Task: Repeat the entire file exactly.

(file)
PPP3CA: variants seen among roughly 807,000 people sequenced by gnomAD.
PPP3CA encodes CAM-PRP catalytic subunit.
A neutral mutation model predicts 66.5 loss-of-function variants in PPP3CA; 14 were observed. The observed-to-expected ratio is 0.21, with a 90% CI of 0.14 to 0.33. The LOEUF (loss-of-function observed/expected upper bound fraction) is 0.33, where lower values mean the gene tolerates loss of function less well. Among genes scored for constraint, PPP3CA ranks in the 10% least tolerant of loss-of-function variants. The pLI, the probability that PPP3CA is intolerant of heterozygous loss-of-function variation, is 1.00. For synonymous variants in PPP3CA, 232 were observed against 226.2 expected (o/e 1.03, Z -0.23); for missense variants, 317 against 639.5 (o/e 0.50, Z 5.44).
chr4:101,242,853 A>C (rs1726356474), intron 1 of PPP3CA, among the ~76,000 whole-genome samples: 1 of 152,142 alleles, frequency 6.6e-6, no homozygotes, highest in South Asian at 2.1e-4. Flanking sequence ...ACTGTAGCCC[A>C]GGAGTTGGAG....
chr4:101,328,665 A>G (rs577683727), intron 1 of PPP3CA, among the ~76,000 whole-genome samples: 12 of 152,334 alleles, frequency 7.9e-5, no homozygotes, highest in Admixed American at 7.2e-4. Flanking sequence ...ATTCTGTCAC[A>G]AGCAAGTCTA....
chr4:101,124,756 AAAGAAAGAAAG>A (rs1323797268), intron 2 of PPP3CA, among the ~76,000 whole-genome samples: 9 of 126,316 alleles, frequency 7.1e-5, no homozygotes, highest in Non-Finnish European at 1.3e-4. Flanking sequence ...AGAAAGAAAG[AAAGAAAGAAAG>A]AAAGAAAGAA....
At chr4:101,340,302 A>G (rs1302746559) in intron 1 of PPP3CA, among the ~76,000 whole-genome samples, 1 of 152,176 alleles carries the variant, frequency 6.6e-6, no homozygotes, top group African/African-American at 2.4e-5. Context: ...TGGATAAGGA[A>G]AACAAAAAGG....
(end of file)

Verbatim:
PPP3CA: variants seen among roughly 807,000 people sequenced by gnomAD.
PPP3CA encodes CAM-PRP catalytic subunit.
A neutral mutation model predicts 66.5 loss-of-function variants in PPP3CA; 14 were observed. The observed-to-expected ratio is 0.21, with a 90% CI of 0.14 to 0.33. The LOEUF (loss-of-function observed/expected upper bound fraction) is 0.33, where lower values mean the gene tolerates loss of function less well. Among genes scored for constraint, PPP3CA ranks in the 10% least tolerant of loss-of-function variants. The pLI, the probability that PPP3CA is intolerant of heterozygous loss-of-function variation, is 1.00. For synonymous variants in PPP3CA, 232 were observed against 226.2 expected (o/e 1.03, Z -0.23); for missense variants, 317 against 639.5 (o/e 0.50, Z 5.44).
chr4:101,242,853 A>C (rs1726356474), intron 1 of PPP3CA, among the ~76,000 whole-genome samples: 1 of 152,142 alleles, frequency 6.6e-6, no homozygotes, highest in South Asian at 2.1e-4. Flanking sequence ...ACTGTAGCCC[A>C]GGAGTTGGAG....
chr4:101,328,665 A>G (rs577683727), intron 1 of PPP3CA, among the ~76,000 whole-genome samples: 12 of 152,334 alleles, frequency 7.9e-5, no homozygotes, highest in Admixed American at 7.2e-4. Flanking sequence ...ATTCTGTCAC[A>G]AGCAAGTCTA....
chr4:101,124,756 AAAGAAAGAAAG>A (rs1323797268), intron 2 of PPP3CA, among the ~76,000 whole-genome samples: 9 of 126,316 alleles, frequency 7.1e-5, no homozygotes, highest in Non-Finnish European at 1.3e-4. Flanking sequence ...AGAAAGAAAG[AAAGAAAGAAAG>A]AAAGAAAGAA....
At chr4:101,340,302 A>G (rs1302746559) in intron 1 of PPP3CA, among the ~76,000 whole-genome samples, 1 of 152,176 alleles carries the variant, frequency 6.6e-6, no homozygotes, top group African/African-American at 2.4e-5. Context: ...TGGATAAGGA[A>G]AACAAAAAGG....